Restoration starts on one of oldest computers

Volunteers at the U.K.'s National Museum of Computing are starting to rebuild the Witch machine, first used in 1951 for atomic research.

Witch could solve algorithms at roughly the same speed as a single human mathematician using a mechanical calculator. Nuclear Decommissioning Authority

Work began this week on restoring what will be the world's oldest working stored-program electronic computer.

Volunteers at the National Museum of Computing at Bletchley Park--about 50 miles northwest of London--will rebuild the Witch machine--a computer first used in 1951 for atomic research.

Witch, or the Wolverhampton Instrument for Teaching Computing from Harwell, was based on telephone exchange relays and 900 Dekatron gas-filled tubes, which could each hold a single digit in memory. Paper tape was used to both input data for and store the output of the machine.

The device is not the oldest electronic calculating device but is regarded as the first modern computer still capable of working.

The machine was built and used by the Atomic Energy Research Establishment in Harwell, Oxfordshire, and went on to be used as a teaching aid at a college in Wolverhampton until 1973.

The machine was developed to automate laborious mathematical calculations at the Harwell facility. Witch, also known as the Harwell computer, could solve algorithms at roughly the same speed as a single human mathematician using a mechanical calculator.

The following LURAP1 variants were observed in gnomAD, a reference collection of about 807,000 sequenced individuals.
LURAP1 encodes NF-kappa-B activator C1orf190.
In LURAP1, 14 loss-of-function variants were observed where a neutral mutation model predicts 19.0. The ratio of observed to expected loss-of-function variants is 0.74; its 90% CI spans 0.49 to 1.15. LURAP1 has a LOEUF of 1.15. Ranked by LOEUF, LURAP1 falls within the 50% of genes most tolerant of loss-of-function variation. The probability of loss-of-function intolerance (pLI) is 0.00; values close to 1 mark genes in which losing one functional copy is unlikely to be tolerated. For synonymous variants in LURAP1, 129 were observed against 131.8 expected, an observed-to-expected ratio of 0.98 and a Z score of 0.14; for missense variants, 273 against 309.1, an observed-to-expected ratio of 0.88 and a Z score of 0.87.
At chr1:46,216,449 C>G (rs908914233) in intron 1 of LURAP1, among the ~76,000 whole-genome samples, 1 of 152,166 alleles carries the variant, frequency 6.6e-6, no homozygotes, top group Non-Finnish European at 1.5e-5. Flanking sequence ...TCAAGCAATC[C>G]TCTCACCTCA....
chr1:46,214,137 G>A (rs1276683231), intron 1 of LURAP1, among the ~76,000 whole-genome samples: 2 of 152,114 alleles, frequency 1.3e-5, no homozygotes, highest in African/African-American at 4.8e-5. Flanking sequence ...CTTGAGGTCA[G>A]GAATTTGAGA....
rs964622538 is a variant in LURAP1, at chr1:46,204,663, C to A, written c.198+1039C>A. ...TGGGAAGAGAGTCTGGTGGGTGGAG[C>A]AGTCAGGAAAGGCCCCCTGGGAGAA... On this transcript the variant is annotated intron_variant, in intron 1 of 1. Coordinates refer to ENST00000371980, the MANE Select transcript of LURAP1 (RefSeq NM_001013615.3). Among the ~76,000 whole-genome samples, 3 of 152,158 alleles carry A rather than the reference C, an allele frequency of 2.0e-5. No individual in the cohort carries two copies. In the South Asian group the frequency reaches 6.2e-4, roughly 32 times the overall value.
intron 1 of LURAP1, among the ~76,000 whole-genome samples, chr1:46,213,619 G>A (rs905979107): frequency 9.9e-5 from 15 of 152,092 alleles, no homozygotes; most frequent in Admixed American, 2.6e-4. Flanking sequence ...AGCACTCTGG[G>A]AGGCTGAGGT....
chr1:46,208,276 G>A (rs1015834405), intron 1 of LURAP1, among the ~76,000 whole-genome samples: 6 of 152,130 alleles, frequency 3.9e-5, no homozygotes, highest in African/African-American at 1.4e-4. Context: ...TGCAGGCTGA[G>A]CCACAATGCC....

The Witch is regarded as the first modern computer still capable of working. Wolverhampton Express and Star

The restoration work is expected to take a year, when Witch will then go on display at the National Museum of Computing, which already holds the world's first electronic computer, the Colossus Mark II.

Kevin Murrell, director and trustee of the museum, said its engineers are keen to start restoring the Witch machine.

"For most of them this will be the toughest project yet. It's the computing equivalent of the raising of the Mary Rose and they are up to challenge," he said in a statement.

The museum is asking members of the public and industry to sponsor the restoration of the Harwell computer by purchasing one of 25 shares at 4,500 pounds (about $7,300) each. Insight Software has become the first sponsor of the restoration project.

Nick Heath of Silicon.com reports from London.

 

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